Liverpool is a great and notable city for many reasons (give over, I'm talking culture and heritage here, cut out the hubcap jokes please!) There is so much history that I don't know and I learned one more snippet earlier in the year.
I was at St George's Hall in Liverpool a few months ago for a sad purpose - the registrar of hatches, matches and despatches for the Liverpool area is there. My only previous visit was for an Emerson, Lake and Palmer gig in about 1971. (See Best Musicians I've Seen - 2, 16 October). I already knew that St George's Hall is regarded as one of Europe's most notable neo-classical buildings. There are many great public buildings in Liverpool: it is a UNESCO world heritage site which doesn't just cover the waterfront, with the famous three graces, but "a great number of significant commercial, civic and public buildings, including St George’s Plateau"*.
When I saw ELP, thinking "this is a bit of an odd place for a gig", I didn't know that St George's Hall was originally intended as a concert venue, funded by public subscription.
But I also didn't know that St George's Hall was the world's first air conditioned building. There were earlier systems intended for air conditioning dating back to ancient times. And invention of the world's first modern air conditioning system is claimed by Willis Haviland Carrier, who designed a system for a printing works in 1902, but then the Americans try to claim lots of things the Brits invented first. Equally it wouldn't be the only time we invented something only for others to work out how to exploit it commercially.
Anyway, here is the system, designed by David Boswell Reid and commissioned in 1851:
There is much more detail in the second reference below on the aircon system and the background to 25 year old Harvey Lonsdale Elmes winning the prize for the best design of the hall in 1839 as well as the inspirations behind the superb design. There was a subsequent competition for design of law courts to be built alongside St George's Hall. Elmes won that competition as well. Both competitions were judged "blind" and it is thought that Elmes's knowledge of the Hall design allowed him to make the designs complementary. He was appointed architect and asked to design a third building to house magistrates courts and a bridewell. Subsequently, Elmes's suggestion that two of the buildings be combined was accepted. Elmes had in mind that this would create "a public edifice that was larger than in any other borough in the land" - remarkable given that this was his first commission. The Law Courts Committee then took over the whole project in order to get it implemented and the money the public had subscribed for the concert hall was refunded. Elmes was asked to include a "concert room" to "contain 1200 persons" and it was presumably in that room that I saw ELP.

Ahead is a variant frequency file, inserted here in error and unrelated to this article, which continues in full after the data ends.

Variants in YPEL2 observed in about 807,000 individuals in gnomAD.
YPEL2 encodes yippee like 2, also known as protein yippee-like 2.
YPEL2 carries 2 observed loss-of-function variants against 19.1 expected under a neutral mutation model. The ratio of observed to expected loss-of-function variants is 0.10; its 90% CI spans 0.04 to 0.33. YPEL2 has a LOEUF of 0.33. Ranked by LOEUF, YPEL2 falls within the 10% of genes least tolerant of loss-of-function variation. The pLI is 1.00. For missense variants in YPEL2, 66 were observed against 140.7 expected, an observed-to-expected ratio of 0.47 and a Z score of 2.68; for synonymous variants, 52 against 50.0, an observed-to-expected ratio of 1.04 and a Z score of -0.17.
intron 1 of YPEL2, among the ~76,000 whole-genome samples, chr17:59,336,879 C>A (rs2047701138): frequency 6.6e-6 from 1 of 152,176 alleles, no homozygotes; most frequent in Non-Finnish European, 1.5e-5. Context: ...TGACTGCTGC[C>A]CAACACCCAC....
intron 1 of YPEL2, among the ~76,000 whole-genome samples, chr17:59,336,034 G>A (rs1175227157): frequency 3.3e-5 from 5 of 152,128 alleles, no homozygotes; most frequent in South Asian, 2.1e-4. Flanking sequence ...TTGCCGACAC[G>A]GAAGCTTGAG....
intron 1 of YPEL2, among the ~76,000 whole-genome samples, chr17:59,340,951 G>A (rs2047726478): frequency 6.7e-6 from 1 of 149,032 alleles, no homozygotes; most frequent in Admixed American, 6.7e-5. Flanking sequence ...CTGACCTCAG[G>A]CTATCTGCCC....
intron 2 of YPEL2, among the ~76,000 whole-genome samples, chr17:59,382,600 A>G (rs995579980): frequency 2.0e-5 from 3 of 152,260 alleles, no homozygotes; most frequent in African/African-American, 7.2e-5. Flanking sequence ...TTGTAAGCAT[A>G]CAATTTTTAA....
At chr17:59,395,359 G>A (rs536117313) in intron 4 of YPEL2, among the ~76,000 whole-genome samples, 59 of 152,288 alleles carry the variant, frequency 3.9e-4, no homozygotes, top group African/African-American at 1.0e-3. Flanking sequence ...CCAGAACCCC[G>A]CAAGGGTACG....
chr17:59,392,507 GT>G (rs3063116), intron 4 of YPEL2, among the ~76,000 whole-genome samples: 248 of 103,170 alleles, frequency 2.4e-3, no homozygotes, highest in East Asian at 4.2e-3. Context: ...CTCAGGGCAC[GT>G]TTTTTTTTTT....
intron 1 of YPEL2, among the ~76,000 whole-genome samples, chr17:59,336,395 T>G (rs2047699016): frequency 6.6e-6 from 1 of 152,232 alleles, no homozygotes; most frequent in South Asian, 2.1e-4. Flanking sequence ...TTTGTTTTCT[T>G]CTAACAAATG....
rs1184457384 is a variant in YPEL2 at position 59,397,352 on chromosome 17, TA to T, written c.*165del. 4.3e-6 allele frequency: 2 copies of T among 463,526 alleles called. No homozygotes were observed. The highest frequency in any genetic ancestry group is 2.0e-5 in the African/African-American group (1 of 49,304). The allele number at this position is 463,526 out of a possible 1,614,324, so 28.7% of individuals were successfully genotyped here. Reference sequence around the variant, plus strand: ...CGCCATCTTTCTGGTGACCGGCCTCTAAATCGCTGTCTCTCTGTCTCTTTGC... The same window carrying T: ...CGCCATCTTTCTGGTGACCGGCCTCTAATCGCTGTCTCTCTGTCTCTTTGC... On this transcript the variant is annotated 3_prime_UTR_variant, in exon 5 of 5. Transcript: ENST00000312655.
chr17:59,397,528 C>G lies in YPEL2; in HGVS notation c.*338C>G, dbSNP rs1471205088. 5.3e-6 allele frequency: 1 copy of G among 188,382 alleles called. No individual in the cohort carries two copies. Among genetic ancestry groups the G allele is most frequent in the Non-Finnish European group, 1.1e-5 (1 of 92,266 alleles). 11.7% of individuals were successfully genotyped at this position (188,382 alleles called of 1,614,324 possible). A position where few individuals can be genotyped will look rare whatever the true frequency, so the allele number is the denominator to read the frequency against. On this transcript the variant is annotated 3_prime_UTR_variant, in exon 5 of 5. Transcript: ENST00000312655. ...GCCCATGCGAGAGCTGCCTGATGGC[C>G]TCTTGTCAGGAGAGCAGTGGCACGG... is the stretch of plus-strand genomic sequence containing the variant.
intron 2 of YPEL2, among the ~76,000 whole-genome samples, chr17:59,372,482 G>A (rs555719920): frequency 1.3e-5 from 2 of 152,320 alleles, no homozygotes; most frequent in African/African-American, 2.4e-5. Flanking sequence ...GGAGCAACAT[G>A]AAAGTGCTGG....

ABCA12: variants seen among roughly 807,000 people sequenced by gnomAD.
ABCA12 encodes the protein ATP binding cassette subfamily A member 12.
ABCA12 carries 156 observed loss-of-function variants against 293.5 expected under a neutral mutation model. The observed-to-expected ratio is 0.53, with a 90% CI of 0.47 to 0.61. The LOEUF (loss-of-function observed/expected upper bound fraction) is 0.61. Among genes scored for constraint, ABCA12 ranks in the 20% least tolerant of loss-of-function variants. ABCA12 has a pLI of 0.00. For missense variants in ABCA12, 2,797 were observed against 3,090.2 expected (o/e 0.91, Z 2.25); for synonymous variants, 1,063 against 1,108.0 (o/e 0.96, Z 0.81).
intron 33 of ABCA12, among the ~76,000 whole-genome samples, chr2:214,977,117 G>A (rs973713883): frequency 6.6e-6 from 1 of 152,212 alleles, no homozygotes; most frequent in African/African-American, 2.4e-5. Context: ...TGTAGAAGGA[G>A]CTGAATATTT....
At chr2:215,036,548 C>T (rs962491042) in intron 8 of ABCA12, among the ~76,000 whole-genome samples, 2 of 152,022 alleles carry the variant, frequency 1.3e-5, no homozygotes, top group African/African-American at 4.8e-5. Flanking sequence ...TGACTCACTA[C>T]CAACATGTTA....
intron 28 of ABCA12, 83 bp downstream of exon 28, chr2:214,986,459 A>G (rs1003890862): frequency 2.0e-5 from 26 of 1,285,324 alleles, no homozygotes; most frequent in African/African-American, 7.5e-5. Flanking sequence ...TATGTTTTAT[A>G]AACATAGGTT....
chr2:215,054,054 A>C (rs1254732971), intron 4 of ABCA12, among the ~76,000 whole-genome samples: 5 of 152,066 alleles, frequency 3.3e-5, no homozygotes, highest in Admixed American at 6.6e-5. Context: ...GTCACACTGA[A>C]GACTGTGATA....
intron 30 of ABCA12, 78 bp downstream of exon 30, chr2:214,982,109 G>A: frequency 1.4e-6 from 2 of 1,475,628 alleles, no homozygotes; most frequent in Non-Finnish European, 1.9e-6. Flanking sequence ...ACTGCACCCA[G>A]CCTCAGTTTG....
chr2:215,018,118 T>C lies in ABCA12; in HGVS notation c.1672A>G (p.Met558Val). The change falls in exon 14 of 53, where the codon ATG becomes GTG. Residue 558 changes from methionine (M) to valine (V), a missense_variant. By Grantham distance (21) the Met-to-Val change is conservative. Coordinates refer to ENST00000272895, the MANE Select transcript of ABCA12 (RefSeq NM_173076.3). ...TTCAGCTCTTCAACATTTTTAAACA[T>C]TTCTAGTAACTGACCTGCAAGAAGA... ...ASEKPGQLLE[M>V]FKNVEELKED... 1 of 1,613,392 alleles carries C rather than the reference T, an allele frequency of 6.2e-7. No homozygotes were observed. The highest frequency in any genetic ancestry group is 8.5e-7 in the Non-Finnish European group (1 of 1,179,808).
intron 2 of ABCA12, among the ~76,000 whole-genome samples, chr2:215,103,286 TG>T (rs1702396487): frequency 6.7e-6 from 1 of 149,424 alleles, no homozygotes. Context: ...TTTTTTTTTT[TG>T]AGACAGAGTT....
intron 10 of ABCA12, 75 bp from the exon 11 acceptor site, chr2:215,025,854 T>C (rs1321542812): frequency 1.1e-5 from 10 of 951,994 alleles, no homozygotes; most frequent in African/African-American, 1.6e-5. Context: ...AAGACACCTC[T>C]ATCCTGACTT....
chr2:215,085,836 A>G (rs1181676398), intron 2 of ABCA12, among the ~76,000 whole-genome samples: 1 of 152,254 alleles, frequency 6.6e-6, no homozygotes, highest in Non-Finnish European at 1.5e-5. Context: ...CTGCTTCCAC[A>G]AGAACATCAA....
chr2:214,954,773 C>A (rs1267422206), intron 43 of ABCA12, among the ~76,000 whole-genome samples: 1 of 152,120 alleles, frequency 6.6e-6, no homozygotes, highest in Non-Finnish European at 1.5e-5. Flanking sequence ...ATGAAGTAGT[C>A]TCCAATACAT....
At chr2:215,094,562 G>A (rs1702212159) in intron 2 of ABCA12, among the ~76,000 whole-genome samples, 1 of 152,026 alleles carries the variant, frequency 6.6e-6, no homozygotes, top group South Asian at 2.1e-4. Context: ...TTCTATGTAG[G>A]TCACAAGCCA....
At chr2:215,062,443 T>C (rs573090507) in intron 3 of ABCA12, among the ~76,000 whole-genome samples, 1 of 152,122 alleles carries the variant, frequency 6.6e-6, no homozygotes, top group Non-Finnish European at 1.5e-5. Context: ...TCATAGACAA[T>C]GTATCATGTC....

Despite the claims of Carrier, there is a blue plaque presented by the Chartered Institution of Building Services Engineers in St George's Hall celebrating it as the world's first air conditioned building. A royal charter is good enough for me: another first for Liverpool and England.
**Chartered Institution of Building Services Engineers reference: http://www.hevac-heritage.org/electronic_books/M&NW_anniversary/Section-2_StGeorgesHall.pdf